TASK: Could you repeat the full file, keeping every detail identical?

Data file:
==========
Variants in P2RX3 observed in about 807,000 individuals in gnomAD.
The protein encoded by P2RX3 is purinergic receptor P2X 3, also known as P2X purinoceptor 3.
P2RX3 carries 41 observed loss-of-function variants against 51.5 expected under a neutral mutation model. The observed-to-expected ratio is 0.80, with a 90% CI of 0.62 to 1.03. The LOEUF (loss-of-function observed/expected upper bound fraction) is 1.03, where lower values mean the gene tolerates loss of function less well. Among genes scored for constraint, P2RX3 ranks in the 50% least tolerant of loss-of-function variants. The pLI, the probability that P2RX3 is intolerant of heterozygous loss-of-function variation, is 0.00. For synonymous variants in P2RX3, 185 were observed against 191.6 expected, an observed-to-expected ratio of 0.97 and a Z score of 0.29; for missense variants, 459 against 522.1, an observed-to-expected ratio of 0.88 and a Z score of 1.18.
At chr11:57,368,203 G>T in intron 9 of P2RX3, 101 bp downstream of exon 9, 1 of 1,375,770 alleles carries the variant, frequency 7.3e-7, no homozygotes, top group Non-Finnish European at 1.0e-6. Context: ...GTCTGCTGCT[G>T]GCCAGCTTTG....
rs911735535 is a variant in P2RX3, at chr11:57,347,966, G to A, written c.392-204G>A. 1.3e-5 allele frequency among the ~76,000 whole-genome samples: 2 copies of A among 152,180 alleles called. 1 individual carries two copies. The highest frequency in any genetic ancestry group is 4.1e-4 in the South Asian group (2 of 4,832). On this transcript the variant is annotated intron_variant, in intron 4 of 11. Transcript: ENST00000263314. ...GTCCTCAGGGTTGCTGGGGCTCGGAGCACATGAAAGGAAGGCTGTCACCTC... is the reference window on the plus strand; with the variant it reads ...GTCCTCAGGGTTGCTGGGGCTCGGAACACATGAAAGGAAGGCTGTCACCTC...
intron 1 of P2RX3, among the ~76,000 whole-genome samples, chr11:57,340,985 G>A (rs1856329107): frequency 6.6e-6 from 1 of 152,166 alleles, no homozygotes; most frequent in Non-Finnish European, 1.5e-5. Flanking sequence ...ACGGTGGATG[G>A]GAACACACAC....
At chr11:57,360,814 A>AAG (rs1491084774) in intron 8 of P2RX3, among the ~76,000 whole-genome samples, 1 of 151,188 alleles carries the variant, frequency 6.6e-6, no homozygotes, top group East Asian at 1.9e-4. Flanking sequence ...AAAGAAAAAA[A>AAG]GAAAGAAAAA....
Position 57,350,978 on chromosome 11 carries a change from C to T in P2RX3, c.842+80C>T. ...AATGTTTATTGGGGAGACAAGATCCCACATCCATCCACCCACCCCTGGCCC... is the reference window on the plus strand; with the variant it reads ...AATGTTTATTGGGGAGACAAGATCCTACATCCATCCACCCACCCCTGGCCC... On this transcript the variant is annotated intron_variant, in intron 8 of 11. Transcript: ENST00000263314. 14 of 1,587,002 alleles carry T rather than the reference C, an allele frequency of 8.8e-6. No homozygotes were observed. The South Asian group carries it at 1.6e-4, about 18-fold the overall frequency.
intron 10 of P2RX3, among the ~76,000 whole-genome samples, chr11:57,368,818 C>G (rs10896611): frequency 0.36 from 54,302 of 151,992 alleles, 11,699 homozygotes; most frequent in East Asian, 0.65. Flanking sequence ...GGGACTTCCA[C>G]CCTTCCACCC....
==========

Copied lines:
Variants in P2RX3 observed in about 807,000 individuals in gnomAD.
The protein encoded by P2RX3 is purinergic receptor P2X 3, also known as P2X purinoceptor 3.
P2RX3 carries 41 observed loss-of-function variants against 51.5 expected under a neutral mutation model. The observed-to-expected ratio is 0.80, with a 90% CI of 0.62 to 1.03. The LOEUF (loss-of-function observed/expected upper bound fraction) is 1.03, where lower values mean the gene tolerates loss of function less well. Among genes scored for constraint, P2RX3 ranks in the 50% least tolerant of loss-of-function variants. The pLI, the probability that P2RX3 is intolerant of heterozygous loss-of-function variation, is 0.00. For synonymous variants in P2RX3, 185 were observed against 191.6 expected, an observed-to-expected ratio of 0.97 and a Z score of 0.29; for missense variants, 459 against 522.1, an observed-to-expected ratio of 0.88 and a Z score of 1.18.
At chr11:57,368,203 G>T in intron 9 of P2RX3, 101 bp downstream of exon 9, 1 of 1,375,770 alleles carries the variant, frequency 7.3e-7, no homozygotes, top group Non-Finnish European at 1.0e-6. Context: ...GTCTGCTGCT[G>T]GCCAGCTTTG....
rs911735535 is a variant in P2RX3, at chr11:57,347,966, G to A, written c.392-204G>A. 1.3e-5 allele frequency among the ~76,000 whole-genome samples: 2 copies of A among 152,180 alleles called. 1 individual carries two copies. The highest frequency in any genetic ancestry group is 4.1e-4 in the South Asian group (2 of 4,832). On this transcript the variant is annotated intron_variant, in intron 4 of 11. Transcript: ENST00000263314. ...GTCCTCAGGGTTGCTGGGGCTCGGAGCACATGAAAGGAAGGCTGTCACCTC... is the reference window on the plus strand; with the variant it reads ...GTCCTCAGGGTTGCTGGGGCTCGGAACACATGAAAGGAAGGCTGTCACCTC...
intron 1 of P2RX3, among the ~76,000 whole-genome samples, chr11:57,340,985 G>A (rs1856329107): frequency 6.6e-6 from 1 of 152,166 alleles, no homozygotes; most frequent in Non-Finnish European, 1.5e-5. Flanking sequence ...ACGGTGGATG[G>A]GAACACACAC....
At chr11:57,360,814 A>AAG (rs1491084774) in intron 8 of P2RX3, among the ~76,000 whole-genome samples, 1 of 151,188 alleles carries the variant, frequency 6.6e-6, no homozygotes, top group East Asian at 1.9e-4. Flanking sequence ...AAAGAAAAAA[A>AAG]GAAAGAAAAA....
Position 57,350,978 on chromosome 11 carries a change from C to T in P2RX3, c.842+80C>T. ...AATGTTTATTGGGGAGACAAGATCCCACATCCATCCACCCACCCCTGGCCC... is the reference window on the plus strand; with the variant it reads ...AATGTTTATTGGGGAGACAAGATCCTACATCCATCCACCCACCCCTGGCCC... On this transcript the variant is annotated intron_variant, in intron 8 of 11. Transcript: ENST00000263314. 14 of 1,587,002 alleles carry T rather than the reference C, an allele frequency of 8.8e-6. No homozygotes were observed. The South Asian group carries it at 1.6e-4, about 18-fold the overall frequency.
intron 10 of P2RX3, among the ~76,000 whole-genome samples, chr11:57,368,818 C>G (rs10896611): frequency 0.36 from 54,302 of 151,992 alleles, 11,699 homozygotes; most frequent in East Asian, 0.65. Flanking sequence ...GGGACTTCCA[C>G]CCTTCCACCC....